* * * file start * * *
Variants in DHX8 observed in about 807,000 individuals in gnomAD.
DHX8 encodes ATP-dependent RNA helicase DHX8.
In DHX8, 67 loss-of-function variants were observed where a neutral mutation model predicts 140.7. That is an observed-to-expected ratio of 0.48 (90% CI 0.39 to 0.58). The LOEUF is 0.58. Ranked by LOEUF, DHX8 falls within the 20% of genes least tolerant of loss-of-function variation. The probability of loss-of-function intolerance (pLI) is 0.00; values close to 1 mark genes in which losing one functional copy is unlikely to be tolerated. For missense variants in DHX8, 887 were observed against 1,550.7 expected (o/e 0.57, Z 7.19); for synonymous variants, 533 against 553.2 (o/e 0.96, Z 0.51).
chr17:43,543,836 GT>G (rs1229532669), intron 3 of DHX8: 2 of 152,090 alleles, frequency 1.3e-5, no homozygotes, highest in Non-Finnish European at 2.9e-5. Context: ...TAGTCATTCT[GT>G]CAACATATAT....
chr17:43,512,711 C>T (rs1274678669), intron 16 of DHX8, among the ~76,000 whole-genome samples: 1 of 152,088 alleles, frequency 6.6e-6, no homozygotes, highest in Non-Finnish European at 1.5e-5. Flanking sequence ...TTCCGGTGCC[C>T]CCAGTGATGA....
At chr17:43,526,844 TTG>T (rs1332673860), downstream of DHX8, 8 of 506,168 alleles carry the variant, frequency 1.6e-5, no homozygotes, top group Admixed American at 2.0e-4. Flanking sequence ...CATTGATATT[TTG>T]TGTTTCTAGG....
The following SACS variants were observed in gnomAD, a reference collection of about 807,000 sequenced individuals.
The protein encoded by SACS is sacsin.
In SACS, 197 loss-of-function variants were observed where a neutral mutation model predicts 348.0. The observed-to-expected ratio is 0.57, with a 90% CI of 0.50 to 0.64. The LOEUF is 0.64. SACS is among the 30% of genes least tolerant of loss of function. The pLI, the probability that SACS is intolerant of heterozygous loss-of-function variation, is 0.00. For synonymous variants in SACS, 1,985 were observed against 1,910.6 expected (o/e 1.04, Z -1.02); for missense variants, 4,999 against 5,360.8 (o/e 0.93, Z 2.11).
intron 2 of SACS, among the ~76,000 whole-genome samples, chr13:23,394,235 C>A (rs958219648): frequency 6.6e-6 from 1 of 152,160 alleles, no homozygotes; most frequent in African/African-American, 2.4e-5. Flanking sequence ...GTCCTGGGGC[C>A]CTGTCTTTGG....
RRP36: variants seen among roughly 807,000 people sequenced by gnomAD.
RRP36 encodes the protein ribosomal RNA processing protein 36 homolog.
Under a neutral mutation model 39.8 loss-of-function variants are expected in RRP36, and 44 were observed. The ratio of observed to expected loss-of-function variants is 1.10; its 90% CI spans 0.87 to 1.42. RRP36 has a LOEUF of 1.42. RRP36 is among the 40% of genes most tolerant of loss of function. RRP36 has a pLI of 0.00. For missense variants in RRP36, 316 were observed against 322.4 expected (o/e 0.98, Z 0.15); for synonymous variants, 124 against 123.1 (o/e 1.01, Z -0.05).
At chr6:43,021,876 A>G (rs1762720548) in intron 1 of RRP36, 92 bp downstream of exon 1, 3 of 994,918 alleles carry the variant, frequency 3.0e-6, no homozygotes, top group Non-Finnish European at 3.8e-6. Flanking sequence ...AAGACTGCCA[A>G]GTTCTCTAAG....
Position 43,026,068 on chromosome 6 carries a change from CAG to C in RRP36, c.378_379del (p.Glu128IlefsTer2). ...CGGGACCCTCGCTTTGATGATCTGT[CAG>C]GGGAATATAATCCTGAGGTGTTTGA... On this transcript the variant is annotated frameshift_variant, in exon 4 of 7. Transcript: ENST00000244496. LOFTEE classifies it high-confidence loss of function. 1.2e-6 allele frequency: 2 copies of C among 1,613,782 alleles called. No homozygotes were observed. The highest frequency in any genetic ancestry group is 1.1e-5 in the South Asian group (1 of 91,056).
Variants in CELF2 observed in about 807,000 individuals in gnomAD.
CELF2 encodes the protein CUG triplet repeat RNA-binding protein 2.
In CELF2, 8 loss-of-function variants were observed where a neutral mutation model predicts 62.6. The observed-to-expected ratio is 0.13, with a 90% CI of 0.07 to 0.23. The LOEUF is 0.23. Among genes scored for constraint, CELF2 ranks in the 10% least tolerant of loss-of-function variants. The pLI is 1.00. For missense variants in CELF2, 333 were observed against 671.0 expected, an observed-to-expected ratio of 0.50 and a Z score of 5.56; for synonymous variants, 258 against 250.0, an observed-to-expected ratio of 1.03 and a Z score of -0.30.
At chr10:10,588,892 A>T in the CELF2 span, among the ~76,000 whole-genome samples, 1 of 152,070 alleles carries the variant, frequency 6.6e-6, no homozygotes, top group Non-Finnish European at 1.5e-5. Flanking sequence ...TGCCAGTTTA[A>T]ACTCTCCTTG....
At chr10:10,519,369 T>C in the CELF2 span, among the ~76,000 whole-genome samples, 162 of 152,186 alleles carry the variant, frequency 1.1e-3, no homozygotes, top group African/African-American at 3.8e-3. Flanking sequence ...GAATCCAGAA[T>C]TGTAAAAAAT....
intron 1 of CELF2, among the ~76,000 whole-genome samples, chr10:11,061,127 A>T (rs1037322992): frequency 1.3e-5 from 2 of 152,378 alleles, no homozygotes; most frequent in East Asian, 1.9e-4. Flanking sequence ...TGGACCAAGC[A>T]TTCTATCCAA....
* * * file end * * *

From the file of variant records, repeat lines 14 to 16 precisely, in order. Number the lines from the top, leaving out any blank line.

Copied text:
At chr6:43,021,876 A>G (rs1762720548) in intron 1 of RRP36, 92 bp downstream of exon 1, 3 of 994,918 alleles carry the variant, frequency 3.0e-6, no homozygotes, top group Non-Finnish European at 3.8e-6. Flanking sequence ...AAGACTGCCA[A>G]GTTCTCTAAG....
Position 43,026,068 on chromosome 6 carries a change from CAG to C in RRP36, c.378_379del (p.Glu128IlefsTer2). ...CGGGACCCTCGCTTTGATGATCTGT[CAG>C]GGGAATATAATCCTGAGGTGTTTGA... On this transcript the variant is annotated frameshift_variant, in exon 4 of 7. Transcript: ENST00000244496. LOFTEE classifies it high-confidence loss of function. 1.2e-6 allele frequency: 2 copies of C among 1,613,782 alleles called. No homozygotes were observed. The highest frequency in any genetic ancestry group is 1.1e-5 in the South Asian group (1 of 91,056).
Variants in CELF2 observed in about 807,000 individuals in gnomAD.